A raging wildfire has destroyed dozens of houses and charred land on the edges of the Air Force Academy, while thick smoke and intense, towering flames kept officials from learning the full scope of damage to Colorado's second-largest city.
The wildfire doubled in size overnight to about 72 square kilometres, and has so far forced mandatory evacuations for more than 32,000 residents, Colorado Springs emergency management director Brett Waters said.
Among those urgently evacuated on Tuesday evening were residents at the US Air Force Academy.
The fire burned about four hectares of land along the southwest boundary of the academy's 72.5-square-kilometre boundary, but no injuries or damage to academy structures have been reported.
Steve Cox, an aide to Mayor Steve Bach, said on Wednesday morning that the blaze has consumed dozens of houses elsewhere.
A more precise figure wasn't available because of the intensity of the fire.
Heavy smoke and ash billowed from the mountain foothills west of the city.
Bright yellow and orange flames flared in the night, often signalling another home lost to the Waldo Canyon Fire, which is the No.1 priority for US firefighters.
The White House said President Barack Obama would tour the fire area on Friday.
"It was like looking at the worst movie set you could imagine," Governor John Hickenlooper said after flying over the 23-square-kilometre fire late on Tuesday.
"It's almost surreal. You look at that, and it's like nothing I've seen before."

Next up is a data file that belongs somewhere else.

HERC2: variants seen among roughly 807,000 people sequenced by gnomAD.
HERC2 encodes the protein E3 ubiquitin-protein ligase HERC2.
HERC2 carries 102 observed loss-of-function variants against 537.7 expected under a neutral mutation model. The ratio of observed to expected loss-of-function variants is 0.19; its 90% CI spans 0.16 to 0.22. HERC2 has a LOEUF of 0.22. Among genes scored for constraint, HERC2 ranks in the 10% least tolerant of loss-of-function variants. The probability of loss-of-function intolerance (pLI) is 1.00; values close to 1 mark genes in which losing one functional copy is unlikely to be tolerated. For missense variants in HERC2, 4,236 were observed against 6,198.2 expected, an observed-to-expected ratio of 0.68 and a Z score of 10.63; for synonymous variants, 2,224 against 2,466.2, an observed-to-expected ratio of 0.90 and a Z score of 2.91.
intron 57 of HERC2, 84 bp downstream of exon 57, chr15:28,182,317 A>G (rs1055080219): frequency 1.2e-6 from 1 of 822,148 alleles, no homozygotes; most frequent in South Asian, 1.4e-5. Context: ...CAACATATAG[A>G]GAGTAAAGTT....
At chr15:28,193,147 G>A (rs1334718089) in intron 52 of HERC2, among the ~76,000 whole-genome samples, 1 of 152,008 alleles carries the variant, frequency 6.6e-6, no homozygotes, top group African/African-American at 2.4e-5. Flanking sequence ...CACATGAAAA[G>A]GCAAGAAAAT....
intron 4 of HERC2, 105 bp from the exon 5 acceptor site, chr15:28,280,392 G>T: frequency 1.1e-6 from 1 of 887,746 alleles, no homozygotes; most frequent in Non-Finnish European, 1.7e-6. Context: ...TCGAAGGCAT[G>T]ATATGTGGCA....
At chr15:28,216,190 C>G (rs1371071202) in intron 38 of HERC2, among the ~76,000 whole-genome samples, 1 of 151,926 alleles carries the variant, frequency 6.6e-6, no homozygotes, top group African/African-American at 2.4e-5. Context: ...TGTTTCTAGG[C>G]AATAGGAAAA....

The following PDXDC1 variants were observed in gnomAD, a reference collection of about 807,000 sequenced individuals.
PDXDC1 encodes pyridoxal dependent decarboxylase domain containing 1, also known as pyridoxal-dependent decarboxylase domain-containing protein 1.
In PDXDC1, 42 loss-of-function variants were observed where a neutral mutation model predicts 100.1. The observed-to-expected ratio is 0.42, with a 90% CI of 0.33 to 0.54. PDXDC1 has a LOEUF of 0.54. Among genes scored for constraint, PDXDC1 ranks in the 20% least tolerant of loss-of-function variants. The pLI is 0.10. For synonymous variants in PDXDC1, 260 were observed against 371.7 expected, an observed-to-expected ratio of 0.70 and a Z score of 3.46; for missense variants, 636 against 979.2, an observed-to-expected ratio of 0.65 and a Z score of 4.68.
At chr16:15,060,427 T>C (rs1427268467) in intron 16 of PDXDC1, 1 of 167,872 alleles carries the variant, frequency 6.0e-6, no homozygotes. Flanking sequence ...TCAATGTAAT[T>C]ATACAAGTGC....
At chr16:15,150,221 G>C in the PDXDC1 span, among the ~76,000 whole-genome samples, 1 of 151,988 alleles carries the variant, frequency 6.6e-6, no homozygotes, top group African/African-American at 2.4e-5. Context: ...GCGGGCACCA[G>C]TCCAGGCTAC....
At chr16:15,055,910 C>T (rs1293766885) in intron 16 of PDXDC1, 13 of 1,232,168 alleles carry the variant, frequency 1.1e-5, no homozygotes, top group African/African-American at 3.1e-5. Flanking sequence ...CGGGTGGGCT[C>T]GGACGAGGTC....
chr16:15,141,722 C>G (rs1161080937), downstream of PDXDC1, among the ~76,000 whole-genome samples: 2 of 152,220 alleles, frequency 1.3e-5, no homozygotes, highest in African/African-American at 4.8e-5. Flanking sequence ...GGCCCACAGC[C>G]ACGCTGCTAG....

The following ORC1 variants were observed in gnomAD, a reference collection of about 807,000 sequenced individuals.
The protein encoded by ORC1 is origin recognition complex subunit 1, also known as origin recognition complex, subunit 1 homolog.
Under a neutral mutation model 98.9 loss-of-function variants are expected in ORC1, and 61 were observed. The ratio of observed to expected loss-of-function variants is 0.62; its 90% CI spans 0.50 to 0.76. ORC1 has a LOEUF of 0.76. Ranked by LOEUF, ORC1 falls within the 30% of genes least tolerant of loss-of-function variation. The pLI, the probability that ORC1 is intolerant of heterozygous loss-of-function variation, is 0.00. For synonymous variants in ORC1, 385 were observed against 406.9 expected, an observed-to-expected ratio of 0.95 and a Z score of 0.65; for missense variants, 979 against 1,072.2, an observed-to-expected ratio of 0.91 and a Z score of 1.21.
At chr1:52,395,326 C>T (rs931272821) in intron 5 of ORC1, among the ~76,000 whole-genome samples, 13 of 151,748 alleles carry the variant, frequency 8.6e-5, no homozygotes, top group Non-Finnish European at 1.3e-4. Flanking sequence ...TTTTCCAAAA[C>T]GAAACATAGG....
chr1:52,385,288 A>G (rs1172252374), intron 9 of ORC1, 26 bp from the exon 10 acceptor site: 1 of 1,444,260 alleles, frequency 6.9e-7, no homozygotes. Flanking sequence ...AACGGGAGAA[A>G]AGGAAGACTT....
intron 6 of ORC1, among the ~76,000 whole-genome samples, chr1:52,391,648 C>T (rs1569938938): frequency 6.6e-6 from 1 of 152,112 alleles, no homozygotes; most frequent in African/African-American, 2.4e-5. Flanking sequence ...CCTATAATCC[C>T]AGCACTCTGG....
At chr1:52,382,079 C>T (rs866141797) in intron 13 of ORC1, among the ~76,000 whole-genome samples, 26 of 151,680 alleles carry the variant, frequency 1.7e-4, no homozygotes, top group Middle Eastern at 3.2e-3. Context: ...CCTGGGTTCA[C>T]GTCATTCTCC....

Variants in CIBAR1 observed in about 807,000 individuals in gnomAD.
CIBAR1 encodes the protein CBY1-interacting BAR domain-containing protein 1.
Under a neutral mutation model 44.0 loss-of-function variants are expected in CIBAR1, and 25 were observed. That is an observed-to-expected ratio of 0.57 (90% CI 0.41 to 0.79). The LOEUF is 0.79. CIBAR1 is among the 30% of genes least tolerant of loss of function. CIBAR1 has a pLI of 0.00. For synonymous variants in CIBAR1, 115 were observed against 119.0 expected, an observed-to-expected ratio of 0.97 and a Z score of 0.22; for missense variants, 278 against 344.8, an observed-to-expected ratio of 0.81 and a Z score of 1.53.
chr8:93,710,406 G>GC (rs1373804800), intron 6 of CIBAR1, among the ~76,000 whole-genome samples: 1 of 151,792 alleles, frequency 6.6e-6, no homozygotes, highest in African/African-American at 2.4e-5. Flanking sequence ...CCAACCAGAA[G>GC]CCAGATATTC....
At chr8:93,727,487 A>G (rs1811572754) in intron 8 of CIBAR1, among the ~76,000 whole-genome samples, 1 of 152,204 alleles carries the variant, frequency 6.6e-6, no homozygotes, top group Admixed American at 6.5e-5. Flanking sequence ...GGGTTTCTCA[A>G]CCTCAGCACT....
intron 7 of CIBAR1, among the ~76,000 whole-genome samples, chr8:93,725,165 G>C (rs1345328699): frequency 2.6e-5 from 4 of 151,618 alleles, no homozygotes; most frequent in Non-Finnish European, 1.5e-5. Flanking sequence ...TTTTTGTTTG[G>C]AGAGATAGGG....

Flames crested a ridge above the scenic Air Force Academy campus on Tuesday, and the school told more than 2200 residents to evacuate 600 households in one housing area.
About 90 firefighters from the academy and nearby fire departments were battling the encroaching flames.
It wasn't immediately clear how close the fire was to the academy's signature building, the aluminum, glass and steel Cadet Chapel.
The chapel dorms, classrooms and other central buildings are clustered in the northwest quadrant of the campus.
"The cadets are safe," Lt. Gen. Michael Gould, the academy superintendent, said.
Thunderstorms are expected near the blaze on Wednesday afternoon, but incident commander Rich Harvey says they could bring unpredictable winds that would hinder firefighters' efforts near the city of 419,000 people.
The fire is about five per cent contained, Harvey said.
Throughout the interior West, firefighters have toiled for days in searing, record-setting heat against fires fuelled by prolonged drought.
Most, if not all, of Utah, Colorado, Wyoming and Montana were under red flag warnings, meaning extreme fire danger.
The nation is experiencing "a super-heated spike on top of a decades-long warming trend", said Derek Arndt, head of climate monitoring at the National Climatic Data Center in Asheville, North Carolina.